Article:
Hello! Once again, it is a blessing to be with you in this Catholic Family venue. When I signed up to work and minister with (and for) David and Allyson – one of the promises I made to them was to pray for them… to lift them and their family in prayer. My wife and I would become ‘prayer warriors’ for them. It isn’t something we do casually. We try to remember these commitments – and to follow through on them. [And as a sidenote – if you’d like to see a full length Sunday Homily about this topic of praying for others – I invite you to go to my http://www.deacontomonline.com website. Look at the homily for 102107 – the 29th Sunday in Ordinary Time.] But, I digress.
Okay – were you perhaps drawn into the title for this month’s column? Who in the world would want to ‘adopt cancer’ into their life? This idea came from former White House Press Secretary, Tony Snow. And whatever your politics, I ask you to pray for Tony and his family as he is struggling with a very serious form of cancer. I don’t want to drag us down, but Tony gives us a lesson on living our faith as if there’s no tomorrow. Here’s something he recently shared:
“The moment you enter the Valley of the Shadow of Death, things change. You discover that Christianity is not something doughy, passive, pious, and soft. Faith may be the substance of things hoped for, the evidence of things not seen. But it also draws you into a world shorn of fearful caution. The life of belief teems with thrills, boldness, danger, shocks, reversals, triumphs, and epiphanies.
Think of Paul, traipsing though the known world and contemplating trips to what must have seemed the antipodes (Spain), shaking the dust from his sandals, worrying not about the morrow, but only about the moment.”
This is what I often pray for – this is something I often preach about. It’s what the late and great John Paul II talked about – it’s a lived faith rather than a one-hour-a-week faith. And if you read my Catholic Family column last month – you may see a theme emerging. It is my prayer that you, and you, and you and you – that we find ways to begin to live our faith as if it was the greatest gift we ever received. Let it not take cancer or addiction or family crisis to experience this gift. And the more we take off the wrapping paper – the greater the gift becomes. We find that our Catholic faith isn’t doughy or pious or soft. Because this faith is useable… it is helpful… it gives purpose and meaning to our lives… and in turn, that gives these same gifts to the children in our lives. And faith is, like Tony Snow said, something to deal with that which is mysterious… it will give us things to contemplate… it will teach us of the brokenness of humanity even in the Church. But it will give us a growing understanding of God’s abiding presence in our lives each and every moment. And isn’t it ironic – this is what the Jews knew a thousand years before Christ? They knew that the one, true God was with them at all times … well almost all times. One of the times they thought He wasn’t with them was when they had a form of cancer – they called it leprosy. Many now see Biblical leprosy as a form of serious sin.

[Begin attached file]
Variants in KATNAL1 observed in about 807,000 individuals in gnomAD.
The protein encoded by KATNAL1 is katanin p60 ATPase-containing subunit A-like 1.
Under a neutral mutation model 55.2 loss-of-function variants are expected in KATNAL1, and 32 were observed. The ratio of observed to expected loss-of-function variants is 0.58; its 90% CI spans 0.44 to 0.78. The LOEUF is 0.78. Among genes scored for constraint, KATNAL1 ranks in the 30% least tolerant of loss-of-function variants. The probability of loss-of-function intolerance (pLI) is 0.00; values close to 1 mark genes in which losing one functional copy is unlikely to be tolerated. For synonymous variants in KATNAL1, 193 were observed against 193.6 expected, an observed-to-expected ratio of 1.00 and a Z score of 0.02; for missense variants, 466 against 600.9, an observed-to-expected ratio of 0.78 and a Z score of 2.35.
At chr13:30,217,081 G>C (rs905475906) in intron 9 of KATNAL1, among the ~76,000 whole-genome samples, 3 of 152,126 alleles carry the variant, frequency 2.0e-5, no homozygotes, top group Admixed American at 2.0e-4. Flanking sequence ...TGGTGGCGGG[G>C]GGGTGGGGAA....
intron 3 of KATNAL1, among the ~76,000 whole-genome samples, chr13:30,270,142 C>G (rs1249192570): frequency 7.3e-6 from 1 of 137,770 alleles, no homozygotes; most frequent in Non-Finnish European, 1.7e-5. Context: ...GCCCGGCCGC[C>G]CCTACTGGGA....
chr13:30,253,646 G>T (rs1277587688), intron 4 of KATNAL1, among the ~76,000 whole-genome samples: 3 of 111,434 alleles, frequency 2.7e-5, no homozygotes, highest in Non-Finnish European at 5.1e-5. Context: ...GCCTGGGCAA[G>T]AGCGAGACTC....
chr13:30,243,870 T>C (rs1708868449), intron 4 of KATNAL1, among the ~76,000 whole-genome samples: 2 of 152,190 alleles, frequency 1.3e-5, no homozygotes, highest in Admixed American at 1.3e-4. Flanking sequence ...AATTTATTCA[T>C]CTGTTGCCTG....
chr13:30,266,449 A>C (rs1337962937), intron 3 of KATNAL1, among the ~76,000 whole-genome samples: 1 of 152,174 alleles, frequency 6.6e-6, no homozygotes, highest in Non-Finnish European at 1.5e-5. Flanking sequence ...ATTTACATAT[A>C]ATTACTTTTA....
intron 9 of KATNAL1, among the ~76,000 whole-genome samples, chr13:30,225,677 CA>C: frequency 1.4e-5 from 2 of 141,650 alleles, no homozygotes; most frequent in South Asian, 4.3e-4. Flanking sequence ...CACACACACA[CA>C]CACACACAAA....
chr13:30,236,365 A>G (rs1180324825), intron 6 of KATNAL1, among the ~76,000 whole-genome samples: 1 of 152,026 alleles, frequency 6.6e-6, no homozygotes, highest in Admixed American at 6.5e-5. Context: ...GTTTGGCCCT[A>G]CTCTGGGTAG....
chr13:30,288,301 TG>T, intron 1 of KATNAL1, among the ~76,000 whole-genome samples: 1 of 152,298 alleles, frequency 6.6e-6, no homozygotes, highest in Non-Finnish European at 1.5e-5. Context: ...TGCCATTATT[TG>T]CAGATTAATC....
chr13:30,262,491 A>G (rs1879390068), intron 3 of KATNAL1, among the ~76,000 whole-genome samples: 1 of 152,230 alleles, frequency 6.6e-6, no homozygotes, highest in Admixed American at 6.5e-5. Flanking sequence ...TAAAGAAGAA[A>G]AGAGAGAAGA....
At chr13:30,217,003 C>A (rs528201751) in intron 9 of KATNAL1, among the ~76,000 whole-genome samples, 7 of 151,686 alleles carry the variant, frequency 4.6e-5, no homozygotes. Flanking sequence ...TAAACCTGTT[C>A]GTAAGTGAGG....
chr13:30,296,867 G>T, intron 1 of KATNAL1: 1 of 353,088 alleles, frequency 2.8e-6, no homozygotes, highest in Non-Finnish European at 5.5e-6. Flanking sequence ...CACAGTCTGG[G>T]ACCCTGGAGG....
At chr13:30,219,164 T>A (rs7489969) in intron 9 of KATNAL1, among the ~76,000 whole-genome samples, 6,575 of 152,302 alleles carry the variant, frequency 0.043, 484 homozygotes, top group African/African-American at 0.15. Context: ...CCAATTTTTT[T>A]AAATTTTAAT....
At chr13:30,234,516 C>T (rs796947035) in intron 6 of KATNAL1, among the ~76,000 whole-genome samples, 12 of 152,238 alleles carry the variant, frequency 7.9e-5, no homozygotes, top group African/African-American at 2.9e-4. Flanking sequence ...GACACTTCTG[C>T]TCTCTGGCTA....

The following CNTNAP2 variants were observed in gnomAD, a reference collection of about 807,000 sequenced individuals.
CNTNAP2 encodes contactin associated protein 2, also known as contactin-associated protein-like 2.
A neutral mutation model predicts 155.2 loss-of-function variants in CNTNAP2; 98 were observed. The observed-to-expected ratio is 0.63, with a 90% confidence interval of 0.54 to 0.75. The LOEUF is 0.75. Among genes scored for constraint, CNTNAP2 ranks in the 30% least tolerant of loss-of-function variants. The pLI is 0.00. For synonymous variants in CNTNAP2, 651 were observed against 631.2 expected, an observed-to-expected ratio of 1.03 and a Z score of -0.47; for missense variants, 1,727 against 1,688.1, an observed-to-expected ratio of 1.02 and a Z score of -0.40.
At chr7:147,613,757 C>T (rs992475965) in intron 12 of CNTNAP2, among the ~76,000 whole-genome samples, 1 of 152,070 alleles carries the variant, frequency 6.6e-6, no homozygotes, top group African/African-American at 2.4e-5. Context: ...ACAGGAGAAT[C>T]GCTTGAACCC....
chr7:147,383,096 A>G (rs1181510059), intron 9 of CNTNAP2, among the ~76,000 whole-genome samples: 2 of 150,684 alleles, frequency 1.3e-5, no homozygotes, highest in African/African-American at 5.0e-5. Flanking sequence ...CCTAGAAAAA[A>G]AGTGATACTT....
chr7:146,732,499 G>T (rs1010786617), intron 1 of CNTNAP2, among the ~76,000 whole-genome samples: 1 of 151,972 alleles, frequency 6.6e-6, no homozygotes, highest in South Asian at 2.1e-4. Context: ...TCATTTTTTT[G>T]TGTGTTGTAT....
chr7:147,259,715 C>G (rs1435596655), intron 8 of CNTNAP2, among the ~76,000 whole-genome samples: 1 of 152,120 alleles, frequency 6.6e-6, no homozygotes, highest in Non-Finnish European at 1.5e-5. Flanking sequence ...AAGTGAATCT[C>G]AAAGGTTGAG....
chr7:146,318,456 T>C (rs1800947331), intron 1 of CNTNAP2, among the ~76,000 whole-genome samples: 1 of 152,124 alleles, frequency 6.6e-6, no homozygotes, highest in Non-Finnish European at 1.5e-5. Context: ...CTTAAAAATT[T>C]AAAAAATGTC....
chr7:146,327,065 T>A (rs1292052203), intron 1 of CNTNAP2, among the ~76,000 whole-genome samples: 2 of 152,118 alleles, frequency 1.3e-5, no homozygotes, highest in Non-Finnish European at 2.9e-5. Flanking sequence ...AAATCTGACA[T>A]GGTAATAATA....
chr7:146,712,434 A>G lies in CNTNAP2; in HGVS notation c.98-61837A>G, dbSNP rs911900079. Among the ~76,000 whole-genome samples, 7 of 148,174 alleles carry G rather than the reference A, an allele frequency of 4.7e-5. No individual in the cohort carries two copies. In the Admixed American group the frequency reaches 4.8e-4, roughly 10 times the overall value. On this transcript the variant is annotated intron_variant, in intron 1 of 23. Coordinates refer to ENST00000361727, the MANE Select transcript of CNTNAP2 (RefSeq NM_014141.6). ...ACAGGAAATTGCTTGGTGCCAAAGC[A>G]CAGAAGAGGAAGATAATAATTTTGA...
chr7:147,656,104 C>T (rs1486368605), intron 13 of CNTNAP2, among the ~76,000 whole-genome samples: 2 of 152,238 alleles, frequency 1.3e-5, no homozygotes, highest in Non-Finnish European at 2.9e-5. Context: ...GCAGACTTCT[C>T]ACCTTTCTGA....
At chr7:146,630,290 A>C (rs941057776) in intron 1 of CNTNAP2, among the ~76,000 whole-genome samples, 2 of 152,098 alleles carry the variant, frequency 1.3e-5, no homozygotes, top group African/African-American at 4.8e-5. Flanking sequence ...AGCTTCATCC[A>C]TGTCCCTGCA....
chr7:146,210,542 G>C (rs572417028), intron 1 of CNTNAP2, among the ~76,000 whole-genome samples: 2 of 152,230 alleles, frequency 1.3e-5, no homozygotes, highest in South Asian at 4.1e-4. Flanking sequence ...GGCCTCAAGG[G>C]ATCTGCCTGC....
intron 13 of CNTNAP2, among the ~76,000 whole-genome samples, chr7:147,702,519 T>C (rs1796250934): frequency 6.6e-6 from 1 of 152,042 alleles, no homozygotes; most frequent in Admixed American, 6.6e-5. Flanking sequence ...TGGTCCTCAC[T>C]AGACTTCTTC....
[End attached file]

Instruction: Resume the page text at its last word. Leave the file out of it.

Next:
Dear Catholic Family listeners and readers, there is a great book that is easy to read. It is from Archbishop Charles Chaput. The book is titled “Living the Catholic Faith.” (Servant Books, St. Anthony Messenger Press)
We used this book in our parish Lenten Small Groups a few years ago. Most everyone agreed that it is challenging, well written and it is practical. I hope to share a few thoughts from that book in the future. And if David and Allyson are ‘listening’ to this column, I’d like to offer free copies of Archbishop Chaput’s book to the first four people who send the Sweeneys an email at us [at] catholicfamilypodcast [dot] com
Simply request a copy of Living The Catholic Faith as mentioned by Deacon Tom – giving your mailing information to David and Allyson.
Meanwhile – we are heading into the Thanksgiving Season. I give thanks to God for faith, for the Church, for the Sacraments, and for my marriage and our own family. And will you join me in prayer, thanking God for David and Allyson and their family? If you do join me in that prayer – maybe my wife and I can take a few days off praying for them. You think? Maybe we can pray for your needs? Well, of course you’d have to let me know what’s going on in your life. Yikes – we’re going to be busy. Happy Thanksgiving. Blessings.